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Friday, January 22, 2010

balance vs trade-offs

Trade offs win again!

There's a lot said (pro and con) about "game balance", and I think that most of the arguments in the pro column use 'character-power-equanimity' as a benchmark. I sit pretty comfortably in the con column here. I like the fact that there's not a strict 1:1 relationship between benefits/restrictions, possibilities/limitations of early D&D classes (and races if they are decoupled in that version).

The idea that a 4th level thief should be (by some metric I don't think I've understood) 'just as good' in some way as a 4th level Cleric/Fighter/etc is. In the end, I don't get it. Different classes are different...

The thought process leading up to this match up was to open up the PHB Attacks/round for fighters to the other classes too. On an abstract level, I like it
Class1/round3/2 rounds2/round
Magic User1-1011-2021+

...but does this 'rob' the fighting man of something too iconic, class defining? I dunno - not so much for me. Fighting men will still be more effective in their attacks (to-hit progression, strength bonuses, etc) than the other classes, and I like to think of thieves and assassins (especially) as being more 'fighter-ly'... Moreover, fighters have the 'attack as many <1 HD as levels' thing which no other classes get... I dunno - just an idea, something nice to have around if some 12th level wizard thinks they should have gotten better at fending scaly goblins off with their dagger... at least I'll have a little logic already in place...

So, anyway - balance vs trade off? I doubt that anyone chooses their character's class based solely on the criteria of multiple attacks at higher level.

Ugh. another ramble.


Timeshadows said...

If one were referencing my example on SHARK EMPIRE, for instance, I hope it wouldn't be mistaken that I was making an argument in favour of across the board equality. I was, instead, merely defining the progression and the hierarchy of the classes.
--I have no illusions that Thieves will ever match or surpass the power of the M-U, but I do think that (as Pathfinder has addressed to a degree) making the higher levels in all classes more enjoyable for high-level gaming.
---That said, I:

1). Don't like classes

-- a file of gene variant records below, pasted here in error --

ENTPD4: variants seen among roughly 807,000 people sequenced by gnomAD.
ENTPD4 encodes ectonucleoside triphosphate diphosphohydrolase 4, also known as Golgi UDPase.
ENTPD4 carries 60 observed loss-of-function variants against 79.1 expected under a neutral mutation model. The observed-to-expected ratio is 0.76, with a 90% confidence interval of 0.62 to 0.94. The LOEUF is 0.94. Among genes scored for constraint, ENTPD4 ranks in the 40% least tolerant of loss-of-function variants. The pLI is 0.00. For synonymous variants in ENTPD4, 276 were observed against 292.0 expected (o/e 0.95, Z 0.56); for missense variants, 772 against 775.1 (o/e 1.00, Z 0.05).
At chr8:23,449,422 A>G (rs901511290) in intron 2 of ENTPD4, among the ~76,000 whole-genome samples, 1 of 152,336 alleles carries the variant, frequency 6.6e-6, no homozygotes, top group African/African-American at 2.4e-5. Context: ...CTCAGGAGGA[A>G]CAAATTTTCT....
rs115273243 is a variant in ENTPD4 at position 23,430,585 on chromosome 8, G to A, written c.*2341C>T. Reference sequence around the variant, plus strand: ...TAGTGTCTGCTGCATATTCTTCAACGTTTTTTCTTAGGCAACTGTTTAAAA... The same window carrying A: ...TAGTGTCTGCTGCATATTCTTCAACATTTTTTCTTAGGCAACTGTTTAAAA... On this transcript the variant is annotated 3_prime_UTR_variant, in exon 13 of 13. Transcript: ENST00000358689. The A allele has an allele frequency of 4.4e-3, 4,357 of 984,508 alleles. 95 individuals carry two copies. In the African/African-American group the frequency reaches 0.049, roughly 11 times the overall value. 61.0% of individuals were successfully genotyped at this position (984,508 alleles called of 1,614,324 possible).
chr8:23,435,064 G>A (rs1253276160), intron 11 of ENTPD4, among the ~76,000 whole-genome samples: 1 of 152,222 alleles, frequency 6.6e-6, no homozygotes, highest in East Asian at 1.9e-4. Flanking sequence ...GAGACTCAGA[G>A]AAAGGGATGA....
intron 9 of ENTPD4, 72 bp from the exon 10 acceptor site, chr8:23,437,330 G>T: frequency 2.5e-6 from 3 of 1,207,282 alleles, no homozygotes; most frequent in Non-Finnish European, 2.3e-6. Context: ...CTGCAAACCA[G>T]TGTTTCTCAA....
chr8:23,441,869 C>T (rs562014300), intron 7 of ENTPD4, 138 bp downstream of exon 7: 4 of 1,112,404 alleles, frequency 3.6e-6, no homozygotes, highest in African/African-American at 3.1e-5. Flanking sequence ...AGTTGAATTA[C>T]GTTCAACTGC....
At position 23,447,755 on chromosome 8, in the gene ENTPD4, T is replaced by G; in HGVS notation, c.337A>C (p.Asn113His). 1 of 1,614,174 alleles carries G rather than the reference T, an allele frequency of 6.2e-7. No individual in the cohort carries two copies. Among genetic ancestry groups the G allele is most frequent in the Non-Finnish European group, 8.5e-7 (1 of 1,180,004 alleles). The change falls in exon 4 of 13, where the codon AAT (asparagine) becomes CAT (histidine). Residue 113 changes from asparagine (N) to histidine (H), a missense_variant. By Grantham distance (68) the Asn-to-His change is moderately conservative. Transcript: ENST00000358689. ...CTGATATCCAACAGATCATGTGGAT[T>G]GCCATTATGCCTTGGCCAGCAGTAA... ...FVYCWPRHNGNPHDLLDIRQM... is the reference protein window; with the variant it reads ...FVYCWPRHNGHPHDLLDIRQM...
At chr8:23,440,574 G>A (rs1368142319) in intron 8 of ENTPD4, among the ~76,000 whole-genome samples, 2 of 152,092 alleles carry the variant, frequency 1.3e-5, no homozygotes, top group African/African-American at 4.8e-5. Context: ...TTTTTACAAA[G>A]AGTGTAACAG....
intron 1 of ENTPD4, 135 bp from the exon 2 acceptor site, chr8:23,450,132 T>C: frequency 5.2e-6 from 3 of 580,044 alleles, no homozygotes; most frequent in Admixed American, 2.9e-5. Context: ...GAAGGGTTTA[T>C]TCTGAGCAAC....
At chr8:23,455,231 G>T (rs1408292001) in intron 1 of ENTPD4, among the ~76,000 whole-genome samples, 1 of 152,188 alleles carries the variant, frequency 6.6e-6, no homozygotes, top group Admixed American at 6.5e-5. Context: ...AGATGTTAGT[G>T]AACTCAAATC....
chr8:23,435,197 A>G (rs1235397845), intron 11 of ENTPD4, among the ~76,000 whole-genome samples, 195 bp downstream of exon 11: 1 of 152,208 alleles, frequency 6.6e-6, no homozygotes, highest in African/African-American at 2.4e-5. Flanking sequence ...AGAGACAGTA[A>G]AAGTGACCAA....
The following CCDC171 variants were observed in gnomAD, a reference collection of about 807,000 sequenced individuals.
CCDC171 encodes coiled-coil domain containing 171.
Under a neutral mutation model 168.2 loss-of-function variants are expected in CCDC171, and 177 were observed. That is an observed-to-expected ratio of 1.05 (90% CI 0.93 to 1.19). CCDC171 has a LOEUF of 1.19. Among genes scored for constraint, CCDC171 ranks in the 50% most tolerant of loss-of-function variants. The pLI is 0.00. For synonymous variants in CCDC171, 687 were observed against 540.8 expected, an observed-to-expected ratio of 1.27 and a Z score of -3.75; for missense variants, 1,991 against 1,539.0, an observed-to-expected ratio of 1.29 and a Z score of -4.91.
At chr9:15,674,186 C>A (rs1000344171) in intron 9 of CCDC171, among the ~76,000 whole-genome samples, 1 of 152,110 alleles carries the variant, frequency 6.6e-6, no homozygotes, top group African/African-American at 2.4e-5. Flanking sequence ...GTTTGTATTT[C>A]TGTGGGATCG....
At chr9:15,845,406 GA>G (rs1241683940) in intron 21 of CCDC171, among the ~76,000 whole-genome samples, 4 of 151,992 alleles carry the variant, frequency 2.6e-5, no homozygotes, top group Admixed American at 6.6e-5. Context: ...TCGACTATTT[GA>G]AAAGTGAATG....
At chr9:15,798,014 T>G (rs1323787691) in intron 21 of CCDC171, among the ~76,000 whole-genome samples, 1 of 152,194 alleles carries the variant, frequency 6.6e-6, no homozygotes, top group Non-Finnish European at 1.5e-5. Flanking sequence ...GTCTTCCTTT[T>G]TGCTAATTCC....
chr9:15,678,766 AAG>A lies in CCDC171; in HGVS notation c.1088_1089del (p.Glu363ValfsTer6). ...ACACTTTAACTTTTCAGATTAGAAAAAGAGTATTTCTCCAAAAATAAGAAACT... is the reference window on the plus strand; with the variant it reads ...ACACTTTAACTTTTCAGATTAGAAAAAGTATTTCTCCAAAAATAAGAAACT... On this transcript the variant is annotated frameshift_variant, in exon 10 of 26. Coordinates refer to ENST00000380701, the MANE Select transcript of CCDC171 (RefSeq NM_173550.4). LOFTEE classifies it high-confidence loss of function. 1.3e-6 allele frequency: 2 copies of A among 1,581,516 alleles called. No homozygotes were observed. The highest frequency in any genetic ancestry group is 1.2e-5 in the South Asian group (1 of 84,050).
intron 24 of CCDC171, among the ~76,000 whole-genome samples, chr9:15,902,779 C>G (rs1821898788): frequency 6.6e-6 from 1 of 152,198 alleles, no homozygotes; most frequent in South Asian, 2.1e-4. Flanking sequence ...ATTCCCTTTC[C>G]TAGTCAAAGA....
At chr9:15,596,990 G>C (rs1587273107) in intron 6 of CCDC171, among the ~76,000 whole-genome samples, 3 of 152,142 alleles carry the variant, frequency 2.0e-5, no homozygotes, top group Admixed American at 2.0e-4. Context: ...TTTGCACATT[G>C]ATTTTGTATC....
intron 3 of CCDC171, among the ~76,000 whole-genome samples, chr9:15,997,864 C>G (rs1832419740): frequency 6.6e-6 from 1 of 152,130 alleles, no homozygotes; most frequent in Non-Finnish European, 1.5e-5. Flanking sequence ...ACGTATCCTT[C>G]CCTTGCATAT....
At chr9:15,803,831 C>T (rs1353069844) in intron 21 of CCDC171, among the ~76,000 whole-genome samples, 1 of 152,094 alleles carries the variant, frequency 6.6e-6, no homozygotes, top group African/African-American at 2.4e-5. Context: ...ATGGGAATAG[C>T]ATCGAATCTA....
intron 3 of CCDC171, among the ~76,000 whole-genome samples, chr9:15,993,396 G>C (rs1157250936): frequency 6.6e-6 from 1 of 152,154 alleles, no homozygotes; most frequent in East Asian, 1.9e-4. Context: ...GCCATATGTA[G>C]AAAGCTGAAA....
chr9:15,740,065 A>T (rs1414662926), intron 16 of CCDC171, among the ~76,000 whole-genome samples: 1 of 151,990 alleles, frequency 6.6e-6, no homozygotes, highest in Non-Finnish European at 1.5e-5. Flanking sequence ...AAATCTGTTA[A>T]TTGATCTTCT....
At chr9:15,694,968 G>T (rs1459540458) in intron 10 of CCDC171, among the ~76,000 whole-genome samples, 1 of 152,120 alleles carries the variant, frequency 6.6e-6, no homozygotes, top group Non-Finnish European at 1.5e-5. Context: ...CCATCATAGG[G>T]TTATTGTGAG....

2). Do believe in the End Game
3). Think it is possible to have PCs built upon personal interpretation and expression (thus my point-design-system)
4). Think that ignoring mathematical and graphable evidences that illustrate disparities between class/race/level is akin to either 'That's the way it is and *I* like it that way'-statements (well and fine, for some), or sticking one's head in the sand and pretending they simply don't exist.

So, since this entire hobby is based around one's personal enjoyment of how one invests time and money into gaming, the whole idea that there are correct ways/old ways/new ways that are better than others for doing this or that, are ultimately mental masturbation.

But, that is merely my opinion. :)

Getting to the idea of multiple attacks/round for non-fighting types.
--Sigh. How long is a Round? What is going on in a Round? Are these actual swing/connect rolls or 'the best of the Round's'? etc.
---If a Round represents only 1:1, then YES, eventually non-fighting types ought to get better at that but never eclipse or even impinge upon the fighter-types.


Ragnorakk said...

I hadn't seen your comment at Shark Empire, just kinda rambling again!
I'm thinking of the 1-minute round, and that is an aspect I hadn't considered - though in the end, if I applied it, I'd probably do so regardless.

Anonymous said...

I think a better approach than multiple attacks is just to have a level-based damage bonus, only for fighters. It gives the same effect, without all the extra die rolls. And since D&D combat is meant to be abstract (1 minute rounds, multiple feints and attacks represented in the one roll, HPs as luck or situation as much as physical damage), multiple rolls seem to undermine the fundamental principle of the combat.

And yes, I think the role of non-fighters in combat should be a non-fightery one - if Rogues aren't useful enough in combat, give them more ancillary combat abilities (better backstab, or disabling moves, or trips, or whatever). If wizards are weak in combat, give them free cantrips, or somesuch.

For me balance is primarily about every character having a chance to do lots of stuff during an adventure. Typically in an unbalanced game fighters are only useful during a fight, wizards only useful once, rogues only useful in a dungeon, etc. Balance should fix this, not make them all able to hit something equally well.